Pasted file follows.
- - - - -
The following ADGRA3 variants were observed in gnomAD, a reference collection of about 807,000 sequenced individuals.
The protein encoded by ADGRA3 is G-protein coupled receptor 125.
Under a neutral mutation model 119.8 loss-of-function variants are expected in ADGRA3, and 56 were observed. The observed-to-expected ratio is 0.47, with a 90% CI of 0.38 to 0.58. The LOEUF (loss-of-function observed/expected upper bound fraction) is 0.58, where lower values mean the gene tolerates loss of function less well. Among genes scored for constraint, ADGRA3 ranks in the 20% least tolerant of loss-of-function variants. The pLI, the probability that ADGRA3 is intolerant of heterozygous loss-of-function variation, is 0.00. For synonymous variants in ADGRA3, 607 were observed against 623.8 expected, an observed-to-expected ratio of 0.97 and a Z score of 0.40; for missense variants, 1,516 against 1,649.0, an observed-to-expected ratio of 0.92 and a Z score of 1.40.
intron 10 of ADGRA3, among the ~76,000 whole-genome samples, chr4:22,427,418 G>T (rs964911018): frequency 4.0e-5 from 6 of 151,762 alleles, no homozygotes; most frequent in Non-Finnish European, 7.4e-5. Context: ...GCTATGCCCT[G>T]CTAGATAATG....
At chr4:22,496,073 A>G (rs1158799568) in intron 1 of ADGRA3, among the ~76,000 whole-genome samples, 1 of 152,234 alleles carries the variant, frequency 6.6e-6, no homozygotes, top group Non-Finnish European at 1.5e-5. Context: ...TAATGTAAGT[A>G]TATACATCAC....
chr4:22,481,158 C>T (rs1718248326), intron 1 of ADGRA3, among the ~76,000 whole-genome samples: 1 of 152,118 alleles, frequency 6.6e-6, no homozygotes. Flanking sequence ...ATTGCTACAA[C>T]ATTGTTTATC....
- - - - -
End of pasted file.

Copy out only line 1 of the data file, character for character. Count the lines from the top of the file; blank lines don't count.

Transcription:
The following ADGRA3 variants were observed in gnomAD, a reference collection of about 807,000 sequenced individuals.